The German economy and labor market have already successfully undergone such structural changes several times in the past. However, none of this is a sure-fire success. Only with competitive companies can we help shape change, maintain growth and thus maintain prosperity and the high level of employment achieved, even in the current structural change, and if possible expand it further.
To this end, all players on the labor market must live up to their responsibilities: The main responsibility for shaping structural change lies with the companies and their employees themselves. Employers bear responsibility for their employees and ensure that the skilled labor base is maintained through their commitment to training and further education. As company partners, they work on practicable solutions at company level, and as collective bargaining partners, they create the appropriate framework for structural change in the respective sectors through collective agreements. For employees, individual security on the labor market will primarily be based on flexibility, willingness to change and further training, and thus a constantly updated employability.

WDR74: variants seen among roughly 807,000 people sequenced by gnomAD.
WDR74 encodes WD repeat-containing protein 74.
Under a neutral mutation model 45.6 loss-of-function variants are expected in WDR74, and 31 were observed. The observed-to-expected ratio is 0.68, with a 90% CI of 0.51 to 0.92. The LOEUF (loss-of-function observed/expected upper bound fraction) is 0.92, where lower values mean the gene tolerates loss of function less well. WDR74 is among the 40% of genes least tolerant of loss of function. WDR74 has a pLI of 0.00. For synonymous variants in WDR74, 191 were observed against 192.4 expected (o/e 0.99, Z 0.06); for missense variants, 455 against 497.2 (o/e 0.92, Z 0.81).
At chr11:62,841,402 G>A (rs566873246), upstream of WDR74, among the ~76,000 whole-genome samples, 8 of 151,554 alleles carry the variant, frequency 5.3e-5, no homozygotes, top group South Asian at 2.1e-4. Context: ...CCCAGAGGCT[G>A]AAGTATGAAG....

The task of the state is to support companies and employees in shaping structural change. The best way to do this is to create the right framework conditions for a sustainable and competitive economy. Where necessary, the state - and in certain cases unemployment insurance, which is funded by employers and employees - should continue to actively support targeted further training through labor market policy instruments.